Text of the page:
Healthy Living Summary - Chapter 1 - A2 Psychology

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Healthy Living Summary
1 Theories of Health Belief
1.1 Health Belief Model
Developed by Becker and Rosenstock in 1970: why or why not people went for a TB screening was
determined by the perceived threat
HBM is a cognitive model indicating the likelihood of an individual adopting a behaviour
A person will adopt a health behaviour:
1. When considering perceived threat to health: will it kill me? (perceived seriousness) & am I
likely to get it? (perceived susceptibility)
2. Costbenefit analysis influences
3. Depending on demographic variables­ age, income, sex, occupation etc.
4. Depending on internal/external cues ­ adverts/posters or periods of ill health
Becker et al. (1978)
o Aim: using HMB to explain mothers adherence to a drug regimen for their asthmatic children
o Method: correlational between beliefs reported in interviews and compliance with
selfreported administration of medication. Some participants validity tested using a blood test
to measure amount of medication
o Participants: 111 mothers aged 1754 and their children 9 months17 years
o Procedure: each mother interviewed for 45 mins, asked questions about their perception or
their child's susceptibility to illness and asthma, how serious asthma is, how much asthmas
interfered with child's education, their faith in doctors and effectiveness of medication
o Findings: positive correlation between mother's belief about susceptibility and compliance
with a medical regime. Positive correlation between mother's perception of seriousness of
child's asthma and administering medication prescribed. Costs negatively correlated with
compliance disruption of daily activities, child's complaints and inaccessibility of chemists. 2
demographic variables married mothers more likely to comply & greater mothers education
more likely to comply
o Conclusion: HBM useful model to predict different levels of compliance with medical
1.2 Locus of Control
Developed by Rotter ­ it's reductionist and pessimistic
Internal locus of control ­ person will control health by themselves
External locus of control ­ see their health in someone else's hands e.g a doctor
Rotter (1966)
o Method: review article
o Sample: initially 6 pieces of research into individual perceptions of ability to control outcomes
based on reinforcement
o Findings: results from the studies reviewed showed that when participants felt they had
control, they were more able to cope with potential threats, than participants who thought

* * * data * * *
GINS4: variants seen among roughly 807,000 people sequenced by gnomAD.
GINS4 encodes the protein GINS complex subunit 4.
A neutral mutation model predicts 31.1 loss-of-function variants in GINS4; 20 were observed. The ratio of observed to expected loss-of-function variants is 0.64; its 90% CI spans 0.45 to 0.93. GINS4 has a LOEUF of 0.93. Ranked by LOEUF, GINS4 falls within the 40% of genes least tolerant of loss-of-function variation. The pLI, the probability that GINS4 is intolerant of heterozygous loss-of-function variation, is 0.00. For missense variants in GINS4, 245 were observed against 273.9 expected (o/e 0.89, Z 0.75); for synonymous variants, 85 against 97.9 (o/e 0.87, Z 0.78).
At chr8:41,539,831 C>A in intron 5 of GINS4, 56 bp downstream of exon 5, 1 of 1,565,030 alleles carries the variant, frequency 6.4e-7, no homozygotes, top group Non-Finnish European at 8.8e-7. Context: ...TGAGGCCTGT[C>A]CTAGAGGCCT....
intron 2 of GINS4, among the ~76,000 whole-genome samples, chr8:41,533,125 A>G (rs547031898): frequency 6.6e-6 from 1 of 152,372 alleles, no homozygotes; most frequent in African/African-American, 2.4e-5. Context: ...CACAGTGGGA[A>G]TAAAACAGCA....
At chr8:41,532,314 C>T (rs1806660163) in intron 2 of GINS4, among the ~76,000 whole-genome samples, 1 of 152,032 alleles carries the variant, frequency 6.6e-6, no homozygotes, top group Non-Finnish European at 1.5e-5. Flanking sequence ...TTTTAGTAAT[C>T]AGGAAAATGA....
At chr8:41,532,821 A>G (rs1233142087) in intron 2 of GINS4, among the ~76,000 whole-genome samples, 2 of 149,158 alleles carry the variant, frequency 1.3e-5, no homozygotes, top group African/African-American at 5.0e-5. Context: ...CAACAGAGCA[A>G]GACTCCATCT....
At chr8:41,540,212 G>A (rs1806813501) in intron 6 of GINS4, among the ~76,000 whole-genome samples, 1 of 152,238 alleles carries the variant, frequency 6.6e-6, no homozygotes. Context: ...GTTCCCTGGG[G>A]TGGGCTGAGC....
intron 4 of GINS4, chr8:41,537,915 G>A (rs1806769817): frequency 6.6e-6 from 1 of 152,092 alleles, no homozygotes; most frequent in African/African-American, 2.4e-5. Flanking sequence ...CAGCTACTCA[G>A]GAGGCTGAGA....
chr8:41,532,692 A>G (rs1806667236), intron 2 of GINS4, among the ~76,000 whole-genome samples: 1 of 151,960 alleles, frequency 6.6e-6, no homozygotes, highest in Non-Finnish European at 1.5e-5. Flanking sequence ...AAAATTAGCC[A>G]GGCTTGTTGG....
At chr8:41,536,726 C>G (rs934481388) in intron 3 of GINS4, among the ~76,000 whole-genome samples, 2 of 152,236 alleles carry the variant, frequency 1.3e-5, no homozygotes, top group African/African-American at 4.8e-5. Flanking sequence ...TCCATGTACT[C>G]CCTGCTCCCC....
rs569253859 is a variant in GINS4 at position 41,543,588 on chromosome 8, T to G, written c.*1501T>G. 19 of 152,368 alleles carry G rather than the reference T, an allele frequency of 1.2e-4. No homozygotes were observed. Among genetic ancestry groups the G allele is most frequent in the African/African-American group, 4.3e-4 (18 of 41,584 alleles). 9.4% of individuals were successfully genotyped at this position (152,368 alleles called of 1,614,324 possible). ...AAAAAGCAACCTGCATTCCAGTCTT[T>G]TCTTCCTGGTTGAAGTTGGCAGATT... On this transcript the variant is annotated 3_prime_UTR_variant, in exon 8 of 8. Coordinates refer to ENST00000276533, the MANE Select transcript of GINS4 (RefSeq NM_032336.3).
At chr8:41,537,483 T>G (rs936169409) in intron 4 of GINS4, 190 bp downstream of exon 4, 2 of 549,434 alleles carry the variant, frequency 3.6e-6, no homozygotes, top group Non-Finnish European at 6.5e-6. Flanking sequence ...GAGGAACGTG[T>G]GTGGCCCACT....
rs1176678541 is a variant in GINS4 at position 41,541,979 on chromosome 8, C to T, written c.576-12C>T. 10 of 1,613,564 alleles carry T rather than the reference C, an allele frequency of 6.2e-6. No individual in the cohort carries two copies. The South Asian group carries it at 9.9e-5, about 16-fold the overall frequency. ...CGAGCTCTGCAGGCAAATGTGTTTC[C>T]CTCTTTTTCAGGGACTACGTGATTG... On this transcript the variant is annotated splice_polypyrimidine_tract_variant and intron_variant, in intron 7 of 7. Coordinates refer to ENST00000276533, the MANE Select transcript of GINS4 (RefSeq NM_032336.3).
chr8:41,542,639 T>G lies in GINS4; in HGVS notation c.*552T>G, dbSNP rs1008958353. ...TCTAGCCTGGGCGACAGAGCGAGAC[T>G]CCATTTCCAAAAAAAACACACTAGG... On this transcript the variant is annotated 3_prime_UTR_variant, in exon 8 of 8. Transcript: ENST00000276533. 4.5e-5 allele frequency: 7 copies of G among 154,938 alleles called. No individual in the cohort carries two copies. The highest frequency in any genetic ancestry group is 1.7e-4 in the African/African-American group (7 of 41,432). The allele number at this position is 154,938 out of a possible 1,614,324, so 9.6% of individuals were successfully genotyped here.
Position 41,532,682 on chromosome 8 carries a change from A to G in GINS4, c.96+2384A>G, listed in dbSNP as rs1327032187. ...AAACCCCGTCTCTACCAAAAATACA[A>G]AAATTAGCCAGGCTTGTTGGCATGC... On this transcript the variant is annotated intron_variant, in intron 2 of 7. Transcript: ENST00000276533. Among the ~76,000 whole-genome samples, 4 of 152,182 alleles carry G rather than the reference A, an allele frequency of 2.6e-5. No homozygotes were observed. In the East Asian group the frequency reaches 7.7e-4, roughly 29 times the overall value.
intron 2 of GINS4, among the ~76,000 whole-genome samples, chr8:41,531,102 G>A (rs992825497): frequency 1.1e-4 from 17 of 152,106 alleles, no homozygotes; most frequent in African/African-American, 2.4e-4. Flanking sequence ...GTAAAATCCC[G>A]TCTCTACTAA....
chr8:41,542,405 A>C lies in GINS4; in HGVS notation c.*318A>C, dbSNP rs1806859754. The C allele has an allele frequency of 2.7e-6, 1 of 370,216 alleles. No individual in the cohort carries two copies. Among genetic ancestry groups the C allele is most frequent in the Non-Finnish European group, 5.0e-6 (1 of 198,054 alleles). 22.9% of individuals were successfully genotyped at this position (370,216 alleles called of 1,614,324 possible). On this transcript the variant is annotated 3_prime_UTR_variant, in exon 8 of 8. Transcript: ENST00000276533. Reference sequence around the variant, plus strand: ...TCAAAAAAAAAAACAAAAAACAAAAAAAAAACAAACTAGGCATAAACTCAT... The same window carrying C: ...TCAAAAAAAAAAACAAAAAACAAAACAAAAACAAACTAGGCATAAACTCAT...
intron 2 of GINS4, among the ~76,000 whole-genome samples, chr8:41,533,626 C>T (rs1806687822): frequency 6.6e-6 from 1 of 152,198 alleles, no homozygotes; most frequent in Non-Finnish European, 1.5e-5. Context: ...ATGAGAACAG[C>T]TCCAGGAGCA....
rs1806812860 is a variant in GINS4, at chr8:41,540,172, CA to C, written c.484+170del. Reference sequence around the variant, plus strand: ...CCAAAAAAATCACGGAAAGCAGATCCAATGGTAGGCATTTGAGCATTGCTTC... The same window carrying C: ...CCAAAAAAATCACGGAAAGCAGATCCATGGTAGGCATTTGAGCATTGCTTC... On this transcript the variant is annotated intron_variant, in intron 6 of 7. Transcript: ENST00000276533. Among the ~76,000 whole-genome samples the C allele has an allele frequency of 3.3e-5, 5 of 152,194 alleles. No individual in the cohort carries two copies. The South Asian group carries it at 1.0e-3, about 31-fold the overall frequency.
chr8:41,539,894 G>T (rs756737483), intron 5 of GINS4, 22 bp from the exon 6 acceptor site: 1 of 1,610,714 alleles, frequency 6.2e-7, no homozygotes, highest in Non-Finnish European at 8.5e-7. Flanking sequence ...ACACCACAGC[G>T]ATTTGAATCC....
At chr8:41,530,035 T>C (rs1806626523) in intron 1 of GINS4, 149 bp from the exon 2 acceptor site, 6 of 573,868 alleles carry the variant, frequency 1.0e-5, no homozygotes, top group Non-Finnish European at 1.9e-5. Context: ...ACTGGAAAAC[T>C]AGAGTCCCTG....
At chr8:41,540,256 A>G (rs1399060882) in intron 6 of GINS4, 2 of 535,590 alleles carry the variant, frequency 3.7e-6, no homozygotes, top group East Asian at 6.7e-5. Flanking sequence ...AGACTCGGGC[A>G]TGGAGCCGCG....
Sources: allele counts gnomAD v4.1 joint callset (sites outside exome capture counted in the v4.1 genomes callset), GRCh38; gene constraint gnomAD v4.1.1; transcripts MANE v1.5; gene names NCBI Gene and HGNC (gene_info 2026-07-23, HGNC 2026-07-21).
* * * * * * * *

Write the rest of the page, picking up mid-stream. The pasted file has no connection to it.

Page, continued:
`fate' determined effect of their behaviours
o Conclusions: locus of control affects many behaviours
1.3 Selfefficacy
Developed by Bandura
How effective a person thinks they will be at successfully adopting a health behaviour
Outcome expectancy ­ a person can predict the likely outcome to any situation based on past

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Efficacy expectations ­ a person's belief they can successfully do what is required to achieve the
outcome.…read more

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Aim: to review the impact of passing of a law requiring children to wear cycle helmets in
Maryland USA
o Method: natural experiment using independent measures
o Participants: children from 47 schools in Howard County and 2 control groups one from
Montgomery County and one from Baltimore County. Ages 910, 1213 and 1415. Total of
7322 children sent questionnaires.
o Procedure: sent questionnaires containing 4 point Likert scales sent covering multiple topics
concerning helmet usage. Parents consented.…read more

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Usually use therapeutic outcomes ­ i.e. if someone is ill and given medication then they get better,
you can assume that they took the medication
Lustman et al. (2000)
o Aim: to assess the efficacy of the antidepressant Fluoxetine in treating depression by
measuring glycaemic control (treatment for depression in diabetes)
o Method: randomised controlled double blind study (neither participants or researchers know
who belongs to control or experimental group)
o Participants: 60 patients with diabetes and depression
o Procedure: 2 groups placebo and Fluoxetine.…read more


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